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Can you connect a pc to a wifi repeater via the RJ45 port? (wired)

Last response: in Wireless Networking
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April 21, 2014 4:30:48 AM

In the new house I'll be moving into (as a student so no real say on changes within reason) there will be a router in the main area. I don't fancy running a cable between the two as it will get in the way but I need it to be a wired connection for my pc. so would getting some plug in repeaters be possible and connect my pc to the rj45 port on the repeater or would it be best to get a wifi card for the pc?

More about : connect wifi repeater rj45 port wired

April 21, 2014 5:03:39 AM

If all you are trying to do is get a ethernet connection for your PC and do not have a need to extend the actual wireless signal I would avoid actual "repeaters". These send out a second wireless signal (ie the repeated data) that interference with the original signal.

If you get good signal in the room where the PC is located then something like a USB wireless card is going to be easiest.

If you want to go with a ethernet connected device you want what is called a client-bridge. Most "repeaters" can also run in this mode but they sell cheaper versions that are used for game consoles or tv that do not have wireless. These many times are called gaming adapters.

The reason you would want to go with a client-bridge rather than a adapter in your machine is if you get poor signal in your room. It allows you to use the ethernet cable to locate the device closer to the main router where it may get better signal. You can also get devices with directional antenna.

Still if the signal is not good in your room you may be better off with the above suggestion to use powerline adapters instead.
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April 21, 2014 8:26:14 AM

So you can connect a pc to the repeater using an ethernet cable and it isn't just(if at all) there to give a wired signal for the repeater to boost wirelessly? So basically is that port on a powerline adapter an input or an output. They just cause interference so only use if the signal is weak in the required room. So if the signal is weak, get an adapter and if it is strong then just get a wireless card for my rig, right?

This client bridge will connect to the wireless signal from the router and provide a place where wired devices can connect through it using it's lan ports?

My accommodation is supposed to be getting rid of the routers in the house and replacing them with the wireless spots that are put on the ceiling/walls such like in office buildings thus removing any wired connections from the house. Will this client bridge still be fine with these and still give access through a wired connection just like with a router?
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April 21, 2014 9:01:56 AM

Hard to tell what question you still have.

There will still be a router someplace in the house but if they put in wireless AP (hotspot) in each room it should work very well. You can use a client-bridge if you choose to it will be the same connecting to a AP as connecting to a router.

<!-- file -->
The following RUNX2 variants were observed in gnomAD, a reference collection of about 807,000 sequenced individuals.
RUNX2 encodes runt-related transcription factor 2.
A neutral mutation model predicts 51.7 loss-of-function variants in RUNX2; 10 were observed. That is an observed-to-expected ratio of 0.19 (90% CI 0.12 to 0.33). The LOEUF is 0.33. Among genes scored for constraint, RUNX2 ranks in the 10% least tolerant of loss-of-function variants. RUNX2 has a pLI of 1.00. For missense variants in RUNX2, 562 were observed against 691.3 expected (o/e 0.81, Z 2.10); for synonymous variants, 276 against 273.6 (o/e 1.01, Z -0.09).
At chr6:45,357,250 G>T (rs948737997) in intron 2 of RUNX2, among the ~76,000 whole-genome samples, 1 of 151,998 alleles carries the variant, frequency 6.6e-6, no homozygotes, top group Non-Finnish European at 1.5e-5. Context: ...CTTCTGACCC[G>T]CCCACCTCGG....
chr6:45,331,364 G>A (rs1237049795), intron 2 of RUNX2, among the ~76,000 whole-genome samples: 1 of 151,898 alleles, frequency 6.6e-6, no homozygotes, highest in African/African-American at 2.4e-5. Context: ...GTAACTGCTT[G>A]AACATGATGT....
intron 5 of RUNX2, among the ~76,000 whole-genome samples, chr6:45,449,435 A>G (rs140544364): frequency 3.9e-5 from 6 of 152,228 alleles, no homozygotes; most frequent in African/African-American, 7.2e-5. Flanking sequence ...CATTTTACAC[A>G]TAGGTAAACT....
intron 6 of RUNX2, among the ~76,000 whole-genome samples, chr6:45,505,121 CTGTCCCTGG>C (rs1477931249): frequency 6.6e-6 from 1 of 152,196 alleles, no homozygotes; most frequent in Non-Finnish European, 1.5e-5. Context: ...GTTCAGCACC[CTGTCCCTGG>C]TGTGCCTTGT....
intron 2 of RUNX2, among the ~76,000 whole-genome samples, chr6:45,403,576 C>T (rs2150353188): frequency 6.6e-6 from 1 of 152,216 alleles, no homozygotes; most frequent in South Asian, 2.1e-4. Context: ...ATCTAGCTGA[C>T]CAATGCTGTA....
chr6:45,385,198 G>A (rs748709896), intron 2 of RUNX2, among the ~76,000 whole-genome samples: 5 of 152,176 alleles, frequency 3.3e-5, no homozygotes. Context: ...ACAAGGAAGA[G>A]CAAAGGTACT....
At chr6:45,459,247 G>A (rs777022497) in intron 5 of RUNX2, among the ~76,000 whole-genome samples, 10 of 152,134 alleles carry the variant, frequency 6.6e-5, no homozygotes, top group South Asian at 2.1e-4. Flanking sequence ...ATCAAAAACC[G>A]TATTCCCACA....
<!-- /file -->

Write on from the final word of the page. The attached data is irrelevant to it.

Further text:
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April 22, 2014 6:27:29 AM

Basically is the rj45 port on the repeater used to connect itself to the router for a stronger signal or to connect itself to a wired device?
As long as it doesn't matter between a router/client bridge or a wireless ap/client bridge setup that's fine.
It's basically a choice between router or wireless ap. Wireless ap giving a stronger wireless connection but I need to figure out how best to connect my pc to the network basically, wireless card or client bridge. What you're saying is I could put a client bridge in my room, it would connect to the wireless signal and I could run a cable from it to my rig, right?
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April 22, 2014 6:44:09 AM

A client-bridge is mostly used on a end device that does not have any other option to get wireless. Game consoles or tv you can't put PCI cards inside and many have very limited support of USB wireless cards. Some tv you must buy a expensive one from the manufacture.

For a PC it is a much harder call. You could use a USB device on the PC to get wireless or you could hook the client-bridge to the ethernet port. In most cases there will be almost no difference in the wireless performance when you put the client-bridge device right next to the PC.

The best example of use of a client-bridge on a pc where it almost always performs better are the question we get on this forum of "how do I share the neighbors internet" In these cases you can place the client-bridge outside and use long ethernet cable to bring the signal in rather than trying to get the signal though the walls.
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April 22, 2014 7:32:48 AM

Do you have any client-bridges you would recommend or any sites in particular? I've seen some edimax ones for around £20, does this seem reasonable to you?
Thanks for your help, much appreciated!

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April 22, 2014 8:00:52 AM

That is tough call. Most my experience with client-bridge devices is ether with outdoor stuff from companies like enenius ens200 or I use some random old router loaded with dd-wrt. The outdoor units tend to be more expensive because they work outdoors.

The largest complain I have heard about cheap extenders is they require you to set them up via WPS button. You really want one that you can also setup via a pc somehow. WPS is extremely insecure and is always recommended you disable the feature in the router. This would mean you need access to the router to enable and disable the WPS option. I have no knowledge of the units you mention so this may not be a issue.
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